- To synchronize logical clocks, Lamport defined a relation called happens-before.
- The expression a ->b is read as ‘a happens before b’ and means that all processes agree that event a occurs then event b occurs.
- From the definition of the happened-before relation, the clock condition mentioned above is satisfied if the following conditions hold:

i.C1- If a and b are two events within the same process Pi and a occurs before then Ci(a) <ci(b).< p="">

ii.C2- If a is message sent by process Pi and b is the receipt of that message by process Pj then Ci(a) <ci(b).< p="">

iii.C3- A clock Ci associated with a process Pi must always go forward, never backward. Correction to time of a logical clock must always be made by positive value not by subtracting.

- First two conditions are needed to satisfy clock condition while the third is needed for correct functioning of the system.
- Any algorithm used for implementing a set of logical clocks must satisfy all three conditions proposed by Lamport.
- The algorithm for assigning time to events using physical and logical clocks depending on the above conditions is as follows.

- Consider two processes in fig (a) the processes run on different machines each having a physical clock associated with it running at its own speed. For process Po the time ticked is 6 times and process P1 has the time ticked 8 times. The clocks run at constant rate but are different due to difference in the crystals.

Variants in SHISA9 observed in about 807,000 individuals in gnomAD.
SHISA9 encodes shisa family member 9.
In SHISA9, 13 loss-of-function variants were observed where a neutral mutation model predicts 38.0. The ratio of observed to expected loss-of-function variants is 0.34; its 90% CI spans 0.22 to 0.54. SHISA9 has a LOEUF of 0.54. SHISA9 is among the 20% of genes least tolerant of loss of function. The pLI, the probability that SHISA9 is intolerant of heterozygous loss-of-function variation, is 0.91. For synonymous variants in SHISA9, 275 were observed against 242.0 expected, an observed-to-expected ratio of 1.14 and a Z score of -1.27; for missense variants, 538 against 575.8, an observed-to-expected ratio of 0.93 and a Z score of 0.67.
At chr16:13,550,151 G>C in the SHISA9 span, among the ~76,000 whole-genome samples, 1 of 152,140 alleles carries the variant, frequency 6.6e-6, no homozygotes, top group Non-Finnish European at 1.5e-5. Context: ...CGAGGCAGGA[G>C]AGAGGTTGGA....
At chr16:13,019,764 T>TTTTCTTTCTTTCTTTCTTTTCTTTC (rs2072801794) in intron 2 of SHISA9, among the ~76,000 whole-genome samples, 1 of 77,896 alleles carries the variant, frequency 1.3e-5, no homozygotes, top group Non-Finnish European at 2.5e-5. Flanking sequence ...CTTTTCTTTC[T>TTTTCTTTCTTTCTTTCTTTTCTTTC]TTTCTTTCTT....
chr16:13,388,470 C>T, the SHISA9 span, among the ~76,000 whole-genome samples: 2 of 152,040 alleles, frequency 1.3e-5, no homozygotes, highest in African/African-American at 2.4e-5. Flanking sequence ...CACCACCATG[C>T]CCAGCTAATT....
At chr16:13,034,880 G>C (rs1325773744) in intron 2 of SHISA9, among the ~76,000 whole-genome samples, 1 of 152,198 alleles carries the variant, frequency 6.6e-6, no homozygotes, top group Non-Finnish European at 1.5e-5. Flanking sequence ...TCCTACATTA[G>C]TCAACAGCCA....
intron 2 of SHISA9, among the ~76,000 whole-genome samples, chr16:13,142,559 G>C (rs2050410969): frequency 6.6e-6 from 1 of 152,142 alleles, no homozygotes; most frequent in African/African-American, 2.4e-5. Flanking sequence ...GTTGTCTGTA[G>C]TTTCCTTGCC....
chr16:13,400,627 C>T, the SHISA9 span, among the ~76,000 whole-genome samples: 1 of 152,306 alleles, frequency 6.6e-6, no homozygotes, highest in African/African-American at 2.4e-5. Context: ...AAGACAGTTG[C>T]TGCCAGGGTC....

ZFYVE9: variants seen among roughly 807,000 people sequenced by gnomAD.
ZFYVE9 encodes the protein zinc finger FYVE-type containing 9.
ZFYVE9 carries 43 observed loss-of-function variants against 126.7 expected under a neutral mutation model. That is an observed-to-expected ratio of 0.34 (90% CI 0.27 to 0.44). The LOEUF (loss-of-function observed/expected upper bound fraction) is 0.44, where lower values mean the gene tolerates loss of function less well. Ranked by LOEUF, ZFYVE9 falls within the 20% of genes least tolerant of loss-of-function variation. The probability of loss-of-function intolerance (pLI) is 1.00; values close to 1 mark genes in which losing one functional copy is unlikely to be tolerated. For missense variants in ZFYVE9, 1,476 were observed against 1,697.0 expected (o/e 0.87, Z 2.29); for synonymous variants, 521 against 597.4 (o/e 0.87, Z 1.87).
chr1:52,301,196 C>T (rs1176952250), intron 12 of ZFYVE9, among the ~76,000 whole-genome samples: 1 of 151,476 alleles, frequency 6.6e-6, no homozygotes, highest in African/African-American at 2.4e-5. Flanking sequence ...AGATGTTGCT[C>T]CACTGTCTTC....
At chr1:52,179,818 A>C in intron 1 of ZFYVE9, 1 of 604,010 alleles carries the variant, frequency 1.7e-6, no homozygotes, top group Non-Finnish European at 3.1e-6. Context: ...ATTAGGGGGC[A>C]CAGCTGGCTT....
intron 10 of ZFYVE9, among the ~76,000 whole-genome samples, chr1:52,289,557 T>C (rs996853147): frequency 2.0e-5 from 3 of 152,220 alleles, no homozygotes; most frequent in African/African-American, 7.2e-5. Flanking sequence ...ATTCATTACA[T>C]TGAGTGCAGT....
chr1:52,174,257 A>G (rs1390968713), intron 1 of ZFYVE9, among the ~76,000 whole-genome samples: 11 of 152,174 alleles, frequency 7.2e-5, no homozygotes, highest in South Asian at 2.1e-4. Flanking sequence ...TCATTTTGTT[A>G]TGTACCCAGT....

- At time 6, Po sends message A to P1 and is received at time 16. Consider the time taken for message transfer as 10 is considerable.
- Now when Message B is sent from P2 at time 64 it takes 10 ticks to reach P1. So the message is received at time 54 by P1 because the time for P1 is slower. This value is certainly impossible and such a situation must be prevented.
- The solution for this is given by Lamports happens-before relation. Since B left at 64 it must arrive at 65 or later. There for the message also carries the sending time according to sender’s clock.
- When a message arrives and the receiver’s clock shows a prior value to the time the message was sent, the receiver fast forwards its clock to be one more than the sending time.
- In fig (b) we can see that message C now arrives at 65. With one small addition this algorithm meets the requirements for global time.
- This algorithm provides total ordering of all events in the system.